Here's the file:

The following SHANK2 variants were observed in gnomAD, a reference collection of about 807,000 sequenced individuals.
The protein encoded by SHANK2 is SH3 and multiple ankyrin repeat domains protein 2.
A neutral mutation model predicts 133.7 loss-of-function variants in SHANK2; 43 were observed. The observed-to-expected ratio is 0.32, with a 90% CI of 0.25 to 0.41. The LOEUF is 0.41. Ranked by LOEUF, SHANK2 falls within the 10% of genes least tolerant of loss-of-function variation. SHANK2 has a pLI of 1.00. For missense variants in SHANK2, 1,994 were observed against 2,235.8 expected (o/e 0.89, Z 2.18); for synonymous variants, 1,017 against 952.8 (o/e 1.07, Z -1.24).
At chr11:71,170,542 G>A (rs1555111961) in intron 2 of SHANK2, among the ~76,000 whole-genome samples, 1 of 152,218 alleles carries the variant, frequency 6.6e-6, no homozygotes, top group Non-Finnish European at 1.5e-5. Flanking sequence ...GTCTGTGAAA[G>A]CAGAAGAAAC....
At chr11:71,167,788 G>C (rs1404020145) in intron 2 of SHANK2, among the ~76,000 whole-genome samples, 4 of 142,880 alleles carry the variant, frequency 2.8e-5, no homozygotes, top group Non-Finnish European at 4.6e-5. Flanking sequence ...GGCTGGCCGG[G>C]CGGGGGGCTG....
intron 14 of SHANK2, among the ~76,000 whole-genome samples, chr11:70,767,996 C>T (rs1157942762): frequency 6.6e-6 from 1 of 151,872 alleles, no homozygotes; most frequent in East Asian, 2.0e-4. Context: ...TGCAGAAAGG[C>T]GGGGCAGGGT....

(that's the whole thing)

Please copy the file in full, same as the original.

The following SHANK2 variants were observed in gnomAD, a reference collection of about 807,000 sequenced individuals.
The protein encoded by SHANK2 is SH3 and multiple ankyrin repeat domains protein 2.
A neutral mutation model predicts 133.7 loss-of-function variants in SHANK2; 43 were observed. The observed-to-expected ratio is 0.32, with a 90% CI of 0.25 to 0.41. The LOEUF is 0.41. Ranked by LOEUF, SHANK2 falls within the 10% of genes least tolerant of loss-of-function variation. SHANK2 has a pLI of 1.00. For missense variants in SHANK2, 1,994 were observed against 2,235.8 expected (o/e 0.89, Z 2.18); for synonymous variants, 1,017 against 952.8 (o/e 1.07, Z -1.24).
At chr11:71,170,542 G>A (rs1555111961) in intron 2 of SHANK2, among the ~76,000 whole-genome samples, 1 of 152,218 alleles carries the variant, frequency 6.6e-6, no homozygotes, top group Non-Finnish European at 1.5e-5. Flanking sequence ...GTCTGTGAAA[G>A]CAGAAGAAAC....
At chr11:71,167,788 G>C (rs1404020145) in intron 2 of SHANK2, among the ~76,000 whole-genome samples, 4 of 142,880 alleles carry the variant, frequency 2.8e-5, no homozygotes, top group Non-Finnish European at 4.6e-5. Flanking sequence ...GGCTGGCCGG[G>C]CGGGGGGCTG....
intron 14 of SHANK2, among the ~76,000 whole-genome samples, chr11:70,767,996 C>T (rs1157942762): frequency 6.6e-6 from 1 of 151,872 alleles, no homozygotes; most frequent in East Asian, 2.0e-4. Context: ...TGCAGAAAGG[C>T]GGGGCAGGGT....